Joseph Mutwiri and Domiciano Maingi, two of the biggest fish farmers in Meru County have teamed up to open the Fish Carnivore-Makutano, a restaurant which will serve only fish and accompaniments to residents and non-residents.

The two pooled resources to start the fish eatery at Makutano just above Meru town on the highway to Nanyuki.

Mr Mutwiri said the idea is to introduce fish to locals as well as serve visitors and workers in the area, some who come from Nyanza and other areas.

Mutwiri who is also the chairman of the Aquaculture Association of Kenya (Meru chapter) yesterday said residents and visitors will now be able to have fish and accompaniments at an affordable price.

No other type of meat will be served at the restaurant named Fish Carnivore-Makutano, Mutwiri said.

They have invested in modern equipment which they have installed to prepare the fish, cook it and make other products such as fish sausages and samosas.

“The demand for fish is growing in Meru because it is a cosmopolitan area,” Mutwiri said.

Mutwiri who is also the chairman of the Aquaculture Association of Kenya (Meru chapter) said residents and visitors will now be able to have fish and accompaniments at a fair price.

“A samosa and a sausage will be in the region of Sh50 a piece,” he said.

No other type of meat will be served at the restaurant named Fish Carnivore-Makutano, Mutwiri said.

“It is one of a kind in the entire region. But we did a research and found out that the Meru keep away from fish because they do not know how to prepare nor do they know how to eat it properly!” said Mutwiri, saying that among the staff are experts.

“Our staff will be on standby to teach clients how to eat fish well. We also have an area where raw fish will be sold to those who want to go and prepare it for family at home. They will be taught how to properly cook and serve it, at no extra cost,” Mutwiri who has six fish ponds with tilapia and catfish species, said.

Maingi is one of the biggest fish farmers in the country and is setting more in Meru.

Mutwiri, a former Chief Inspector of Police, said they were partnering with the county in a plan to launch a fish eating campaign in the county “for better health”.

“Health experts recommend fish as a white meal which contains a lot of minerals and is rich in calcium and other essential nutrients,” said Mutwiri,

Though fish farming is not labour intensive, the availability of affordable quality feeds was quite a challenge at the beginning.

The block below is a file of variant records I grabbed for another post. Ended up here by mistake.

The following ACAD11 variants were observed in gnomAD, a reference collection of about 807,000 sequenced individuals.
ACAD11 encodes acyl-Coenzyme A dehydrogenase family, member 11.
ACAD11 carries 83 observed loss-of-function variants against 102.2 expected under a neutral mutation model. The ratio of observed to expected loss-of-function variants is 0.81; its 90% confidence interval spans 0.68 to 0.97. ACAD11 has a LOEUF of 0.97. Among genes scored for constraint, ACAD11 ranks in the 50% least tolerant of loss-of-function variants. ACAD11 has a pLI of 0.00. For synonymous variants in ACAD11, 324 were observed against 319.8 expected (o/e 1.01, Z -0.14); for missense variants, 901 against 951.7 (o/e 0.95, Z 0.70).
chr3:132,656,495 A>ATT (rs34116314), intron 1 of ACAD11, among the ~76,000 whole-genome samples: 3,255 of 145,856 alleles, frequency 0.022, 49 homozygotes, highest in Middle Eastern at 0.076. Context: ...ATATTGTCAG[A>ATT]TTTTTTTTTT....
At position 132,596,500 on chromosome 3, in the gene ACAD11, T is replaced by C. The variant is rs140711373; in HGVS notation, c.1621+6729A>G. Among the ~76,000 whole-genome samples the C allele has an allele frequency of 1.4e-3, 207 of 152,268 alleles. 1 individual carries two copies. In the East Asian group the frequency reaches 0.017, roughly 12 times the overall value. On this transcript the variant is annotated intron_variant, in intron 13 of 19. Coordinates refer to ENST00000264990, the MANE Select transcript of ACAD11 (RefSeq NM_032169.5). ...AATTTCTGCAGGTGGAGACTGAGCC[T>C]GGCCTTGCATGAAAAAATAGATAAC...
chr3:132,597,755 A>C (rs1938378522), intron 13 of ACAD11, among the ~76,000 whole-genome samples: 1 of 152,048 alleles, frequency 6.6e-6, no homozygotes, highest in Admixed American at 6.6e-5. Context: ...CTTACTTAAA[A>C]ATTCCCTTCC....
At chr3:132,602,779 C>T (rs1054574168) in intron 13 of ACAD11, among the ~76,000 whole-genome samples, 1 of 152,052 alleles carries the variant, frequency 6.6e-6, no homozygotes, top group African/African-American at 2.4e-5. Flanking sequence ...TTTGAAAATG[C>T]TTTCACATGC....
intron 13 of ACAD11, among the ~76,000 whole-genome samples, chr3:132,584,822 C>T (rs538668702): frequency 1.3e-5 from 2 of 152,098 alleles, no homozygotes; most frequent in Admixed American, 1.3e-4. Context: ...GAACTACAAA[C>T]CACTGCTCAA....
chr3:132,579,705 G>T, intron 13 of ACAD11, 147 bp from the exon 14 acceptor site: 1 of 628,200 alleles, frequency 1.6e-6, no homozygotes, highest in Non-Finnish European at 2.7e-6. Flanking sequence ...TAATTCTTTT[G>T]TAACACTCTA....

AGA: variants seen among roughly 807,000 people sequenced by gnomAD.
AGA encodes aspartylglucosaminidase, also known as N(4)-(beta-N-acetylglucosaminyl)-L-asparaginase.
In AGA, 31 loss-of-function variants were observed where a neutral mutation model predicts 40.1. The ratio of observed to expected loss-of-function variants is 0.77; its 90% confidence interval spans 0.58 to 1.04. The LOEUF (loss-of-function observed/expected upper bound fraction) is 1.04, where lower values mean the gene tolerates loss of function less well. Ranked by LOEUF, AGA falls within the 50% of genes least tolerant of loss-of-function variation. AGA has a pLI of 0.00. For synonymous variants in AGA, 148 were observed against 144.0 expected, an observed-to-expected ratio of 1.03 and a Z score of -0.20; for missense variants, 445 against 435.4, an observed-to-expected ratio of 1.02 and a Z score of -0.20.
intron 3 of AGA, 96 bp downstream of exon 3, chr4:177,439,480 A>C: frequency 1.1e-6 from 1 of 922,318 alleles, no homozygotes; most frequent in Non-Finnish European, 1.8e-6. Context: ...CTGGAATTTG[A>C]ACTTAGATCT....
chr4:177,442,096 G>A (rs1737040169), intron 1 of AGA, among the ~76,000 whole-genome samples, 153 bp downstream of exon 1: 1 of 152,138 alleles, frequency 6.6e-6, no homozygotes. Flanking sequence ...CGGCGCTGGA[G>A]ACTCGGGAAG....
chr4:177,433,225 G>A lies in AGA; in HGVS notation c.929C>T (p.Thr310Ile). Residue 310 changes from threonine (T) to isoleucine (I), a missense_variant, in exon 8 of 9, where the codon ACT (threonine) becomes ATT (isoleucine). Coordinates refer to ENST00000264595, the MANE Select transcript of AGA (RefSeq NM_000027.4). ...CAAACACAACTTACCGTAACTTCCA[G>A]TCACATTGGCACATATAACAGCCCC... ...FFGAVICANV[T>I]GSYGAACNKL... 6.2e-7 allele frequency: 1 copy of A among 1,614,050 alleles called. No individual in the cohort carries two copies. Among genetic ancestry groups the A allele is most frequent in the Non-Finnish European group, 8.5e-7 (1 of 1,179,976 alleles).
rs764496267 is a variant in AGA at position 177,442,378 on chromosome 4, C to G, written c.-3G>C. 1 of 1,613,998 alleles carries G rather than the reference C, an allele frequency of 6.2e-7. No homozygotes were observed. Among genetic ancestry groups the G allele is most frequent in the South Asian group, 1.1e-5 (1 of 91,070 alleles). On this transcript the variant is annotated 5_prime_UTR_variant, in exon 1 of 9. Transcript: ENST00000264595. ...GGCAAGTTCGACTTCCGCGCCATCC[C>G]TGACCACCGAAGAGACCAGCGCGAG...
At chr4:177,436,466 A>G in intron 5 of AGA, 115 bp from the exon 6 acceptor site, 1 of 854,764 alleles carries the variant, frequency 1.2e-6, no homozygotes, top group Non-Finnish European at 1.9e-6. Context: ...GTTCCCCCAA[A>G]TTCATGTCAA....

The real challenge for the farmers, said Mutwiri came when the fish achieved maturity and were ready for harvest, and consumption.

“Many people did not understand the nutritional value of fish, how to cook and even eat it,” Mutwiri, who ferried the still live fish in his pickups to do rounds, said.

“I had to market the fish before they reached maturity, otherwise I would suffer losses,” he said.

But now Mutwiri and Maingi are set to reap the benefits of their sweat and investment.

The building fish joint also houses Fish Consult International manned by Evalyne Gatwiri, who holds a degree in Aquatic Sciences.

“She will be at hand to educate farmers on best practices. The climate and geographical outlay in Meru is conducive for fish farming,” Mutwiri said, adding that it is not hard to keep fish as diseases are rare.

Mutwiri is a beneficiary of the Standards and Market Access Programme (SMAP), a European Union-funded initiative to help fish farmers.

“I have been to Netherlands and other countries to learn the best practices in both fish and dairy farming. That is why we want to spread the knowledge to others on fish farming because it is profitable,” Mutwiri said.

Among other services offered at the consultancy will be on site selection, pond construction and extension services.

“But an important aspect of successful farming is on pond management and fish feed formulation. This is a one-stop shop for all matters fish,” Mutwiri said.

Apart from teaching and training farmers they will stock equipments such as nets, liners and others.

“We will also be able to supply fingerlings to farmers who want to take it up after the training,” he said.

On the partnership Mutwiri said they are in a 50-50 partnership.

“It is not a challenge to co-own the enterprise because we share the same goals, to achieve more success as fish farmers, get more people in and cultivate a fish eating culture in the entire region,” he said.

With investment in all needed equipment to store and prepare the whole fish and samosas and sausages, Mutwiri said the aim is to reap maximum benefits from venture.

There will be a section to sell raw fish for those who want to prepare at home, and the restaurant where there will also be a take-away area.

Ingredients for sausages, he said, include bread crumbs, minced fish, egg and salt.

“Health experts recommend fish as a white meal which contains a lot of minerals and is rich in calcium and other essential nutrients,” said Mutwiri, revealing that he first ate fish at City Market in Nairobi and eats it frequently in a week.

He adds: “It aids in the development of the brain in children so we want to have more of our children start to eat it seriously!”

Mutwiri said the idea was born of the fact that while a demand for fish existed there were no reliable suppliers.

Those who like to eat fish cannot get enough of it as the few supermarkets that stock it cannot satisfy the demand.

With a capacity for 50 patrons the restaurant will also have fish samosas and sausages, he said.

“We did a lot of research so we expect to sell a lot of fish,” Mutwiri said.

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